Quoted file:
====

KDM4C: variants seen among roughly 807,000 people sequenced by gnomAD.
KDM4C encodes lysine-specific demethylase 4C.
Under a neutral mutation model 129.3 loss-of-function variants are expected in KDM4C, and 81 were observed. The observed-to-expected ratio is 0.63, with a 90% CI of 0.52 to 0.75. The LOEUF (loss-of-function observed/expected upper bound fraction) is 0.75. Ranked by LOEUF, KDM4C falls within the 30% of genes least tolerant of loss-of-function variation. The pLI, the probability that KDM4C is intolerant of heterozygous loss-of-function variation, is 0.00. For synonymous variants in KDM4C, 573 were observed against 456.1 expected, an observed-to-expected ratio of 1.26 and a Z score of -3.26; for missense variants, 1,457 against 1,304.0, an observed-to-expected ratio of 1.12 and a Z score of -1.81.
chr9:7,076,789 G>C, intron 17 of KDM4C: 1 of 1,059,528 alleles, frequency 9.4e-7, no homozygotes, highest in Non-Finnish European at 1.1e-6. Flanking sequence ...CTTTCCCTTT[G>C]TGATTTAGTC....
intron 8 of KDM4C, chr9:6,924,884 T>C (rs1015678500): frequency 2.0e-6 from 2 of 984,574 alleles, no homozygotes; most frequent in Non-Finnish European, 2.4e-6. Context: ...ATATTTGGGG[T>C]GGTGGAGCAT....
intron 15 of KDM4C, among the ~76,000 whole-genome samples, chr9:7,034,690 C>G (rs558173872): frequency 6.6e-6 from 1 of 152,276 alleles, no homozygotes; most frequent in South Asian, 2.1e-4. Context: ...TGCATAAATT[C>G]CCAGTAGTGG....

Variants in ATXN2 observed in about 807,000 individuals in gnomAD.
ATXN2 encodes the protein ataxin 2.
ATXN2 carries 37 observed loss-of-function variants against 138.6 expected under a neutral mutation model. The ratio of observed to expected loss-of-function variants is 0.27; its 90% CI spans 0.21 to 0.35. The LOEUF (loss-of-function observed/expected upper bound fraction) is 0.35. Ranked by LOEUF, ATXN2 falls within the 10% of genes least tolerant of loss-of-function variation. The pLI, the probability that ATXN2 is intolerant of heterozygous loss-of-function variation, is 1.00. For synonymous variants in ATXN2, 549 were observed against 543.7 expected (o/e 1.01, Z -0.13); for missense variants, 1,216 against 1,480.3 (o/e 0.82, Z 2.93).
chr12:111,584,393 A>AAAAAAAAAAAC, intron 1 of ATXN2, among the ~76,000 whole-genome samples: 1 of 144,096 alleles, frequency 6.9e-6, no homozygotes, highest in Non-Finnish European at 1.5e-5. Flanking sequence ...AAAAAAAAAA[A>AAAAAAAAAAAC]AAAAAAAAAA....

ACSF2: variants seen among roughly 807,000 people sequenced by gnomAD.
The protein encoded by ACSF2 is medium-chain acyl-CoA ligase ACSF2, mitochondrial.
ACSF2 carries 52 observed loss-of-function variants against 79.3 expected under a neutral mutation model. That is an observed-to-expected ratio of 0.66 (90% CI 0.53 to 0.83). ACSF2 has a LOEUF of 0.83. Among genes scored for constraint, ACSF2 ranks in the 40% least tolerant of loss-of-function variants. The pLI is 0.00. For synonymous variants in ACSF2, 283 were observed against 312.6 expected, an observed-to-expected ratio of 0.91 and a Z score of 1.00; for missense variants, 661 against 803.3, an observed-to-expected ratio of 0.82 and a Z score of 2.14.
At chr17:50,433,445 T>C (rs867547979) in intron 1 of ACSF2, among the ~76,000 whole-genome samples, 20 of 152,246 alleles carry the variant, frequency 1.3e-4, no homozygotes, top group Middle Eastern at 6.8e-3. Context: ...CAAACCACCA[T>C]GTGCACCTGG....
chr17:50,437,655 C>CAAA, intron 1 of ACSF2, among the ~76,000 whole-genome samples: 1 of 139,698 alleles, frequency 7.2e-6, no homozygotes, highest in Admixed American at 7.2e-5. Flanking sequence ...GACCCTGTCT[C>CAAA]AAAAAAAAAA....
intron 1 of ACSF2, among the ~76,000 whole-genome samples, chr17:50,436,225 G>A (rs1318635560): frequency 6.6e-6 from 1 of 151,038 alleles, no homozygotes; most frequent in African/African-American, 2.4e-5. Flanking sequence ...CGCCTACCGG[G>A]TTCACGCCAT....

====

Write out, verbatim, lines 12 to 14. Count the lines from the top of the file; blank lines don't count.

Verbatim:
The protein encoded by ACSF2 is medium-chain acyl-CoA ligase ACSF2, mitochondrial.
ACSF2 carries 52 observed loss-of-function variants against 79.3 expected under a neutral mutation model. That is an observed-to-expected ratio of 0.66 (90% CI 0.53 to 0.83). ACSF2 has a LOEUF of 0.83. Among genes scored for constraint, ACSF2 ranks in the 40% least tolerant of loss-of-function variants. The pLI is 0.00. For synonymous variants in ACSF2, 283 were observed against 312.6 expected, an observed-to-expected ratio of 0.91 and a Z score of 1.00; for missense variants, 661 against 803.3, an observed-to-expected ratio of 0.82 and a Z score of 2.14.
At chr17:50,433,445 T>C (rs867547979) in intron 1 of ACSF2, among the ~76,000 whole-genome samples, 20 of 152,246 alleles carry the variant, frequency 1.3e-4, no homozygotes, top group Middle Eastern at 6.8e-3. Context: ...CAAACCACCA[T>C]GTGCACCTGG....